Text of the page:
Highways engineering firms must do more to change the demographic of their work forces if they are to remain capable of delivering the infrastructure society needs, a leading client has warned.
Technology-led solutions are increasingly required and the current culture of the industry is ill-equipped to deliver them, Transport for London (TfL) streets boss Dana Skelley said.
“There is a lot of work to be done to get the right, technology-led solutions and getting integrated teams that represent the demographics of those that are going to use the technology is crucial,” she said.
Skelley, TfL director of asset management, was speaking at the prestigious annual lecture of the Worshipful Company of Paviors, a City of London livery company with its origins in the upkeep of London’s highways.
Skelley carries the responsibilities for which the Paviors’ Company was constituted in the 13th century but on a far larger scale, leading a team of 450 engineers.
She used the lecture to describe how London’s highways have evolved and how they were going to remain fit for the future. Crucial to that, she said, was for engineers to build understanding of the changing role of the highway – moving away from viewing it as a means to move vehicles quickly and towards viewing them as a place for cultural activities and exercise.
“In the 21st century we perhaps focused on speed of movement,” she said. “Today London must balance movement and place if it is to remain successful,” she said.
Skelley added that place-making initiatives such as shared space schemes are increasingly attracting developer funding and that many of these schemes are now recognised as catalysts for local economic growth.
But by way of explaining the scale of challenge, Skelley contrasted the fact that while London’s streets provide 80% of its public space they also handle 90% of its freight. The freight challenge is particularly acute, she said, with a spike in the last four years in the number of delivery vehicles on London’s streets driven by the surge in online shopping.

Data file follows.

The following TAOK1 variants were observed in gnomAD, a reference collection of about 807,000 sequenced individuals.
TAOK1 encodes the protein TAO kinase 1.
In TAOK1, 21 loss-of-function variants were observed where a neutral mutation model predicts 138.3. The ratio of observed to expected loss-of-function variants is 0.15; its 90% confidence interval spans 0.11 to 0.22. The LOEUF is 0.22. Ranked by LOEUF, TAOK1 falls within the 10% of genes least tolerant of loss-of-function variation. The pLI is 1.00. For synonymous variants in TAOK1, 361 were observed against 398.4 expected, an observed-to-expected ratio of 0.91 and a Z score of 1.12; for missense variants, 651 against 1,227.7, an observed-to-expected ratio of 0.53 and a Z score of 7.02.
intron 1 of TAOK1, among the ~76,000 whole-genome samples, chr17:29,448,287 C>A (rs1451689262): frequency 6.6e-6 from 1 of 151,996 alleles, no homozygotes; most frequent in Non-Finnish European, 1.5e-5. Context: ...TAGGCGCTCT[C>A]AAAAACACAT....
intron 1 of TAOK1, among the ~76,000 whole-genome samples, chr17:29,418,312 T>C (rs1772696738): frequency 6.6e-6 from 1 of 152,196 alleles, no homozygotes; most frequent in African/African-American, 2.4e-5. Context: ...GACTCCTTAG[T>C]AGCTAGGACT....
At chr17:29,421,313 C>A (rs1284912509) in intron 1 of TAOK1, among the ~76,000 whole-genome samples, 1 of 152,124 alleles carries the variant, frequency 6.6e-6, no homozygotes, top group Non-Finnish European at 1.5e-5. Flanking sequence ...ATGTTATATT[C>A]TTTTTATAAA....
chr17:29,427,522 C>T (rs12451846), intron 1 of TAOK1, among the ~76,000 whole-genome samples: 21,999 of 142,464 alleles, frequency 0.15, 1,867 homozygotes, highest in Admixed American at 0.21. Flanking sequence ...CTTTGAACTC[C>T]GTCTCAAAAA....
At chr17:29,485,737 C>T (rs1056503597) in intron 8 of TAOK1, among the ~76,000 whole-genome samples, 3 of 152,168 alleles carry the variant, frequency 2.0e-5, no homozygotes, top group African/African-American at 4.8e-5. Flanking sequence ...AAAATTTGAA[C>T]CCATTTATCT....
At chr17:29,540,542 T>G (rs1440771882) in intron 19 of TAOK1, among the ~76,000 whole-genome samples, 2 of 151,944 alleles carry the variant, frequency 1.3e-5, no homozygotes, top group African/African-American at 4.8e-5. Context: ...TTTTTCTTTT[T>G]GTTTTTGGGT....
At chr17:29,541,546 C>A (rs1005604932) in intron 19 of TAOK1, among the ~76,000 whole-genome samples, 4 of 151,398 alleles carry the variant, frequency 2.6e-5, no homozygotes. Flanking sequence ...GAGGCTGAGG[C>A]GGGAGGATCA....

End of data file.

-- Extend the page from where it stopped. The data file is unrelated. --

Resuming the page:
“And the problem isn’t just one of how many, but where,” she said, explaining that increasingly delivers are not being made out of working hours to suburban addresses but during working hours to central business district addresses.
The success of App-based taxi services such as Uber has also placed additional stress on the network, she said, and neither of these disruptive technologies were predicted by highways professionals.
Beyond that, the likely impacts of autonomous vehicles are not yet understood and this, she said, was driving the need for demographics to change.
“The culture and demographic of those maintaining the streets doesn’t reflect that of those using them and a big change is required,” she said.
“Autonomous vehicles are already being trialled and their impact is not mapped out,” she said, adding that there are promising upsides – especially for movement of goods – but there could be downsides, not least in terms of increased congestion.
“Do autonomous vehicles increase the attractiveness of car travel?” she asked. “There is already vigorous debate about whether they will relieve or exacerbate congestion,” she added.
Skelley added that while development of autonomous vehicles was, rightly, being led vehicle manufacturers and operators, Transport for London cannot just sit back and wait. “We have to be an enabling organisation,” she said.
Skelley added that there remained a need to investigate ways of creating new space for traffic movement, particularly in east London where much of London’s planned population growth is to be accommodated.
She said user charging and developer funding could pave the way for new river crossings in addition to the Silvertown tunnel which is currently out for tender.
But she stressed the near-term objective was to push the healthy streets approach, prioritising pedestrians and cyclists and championing active travel to reduce pressure on road space.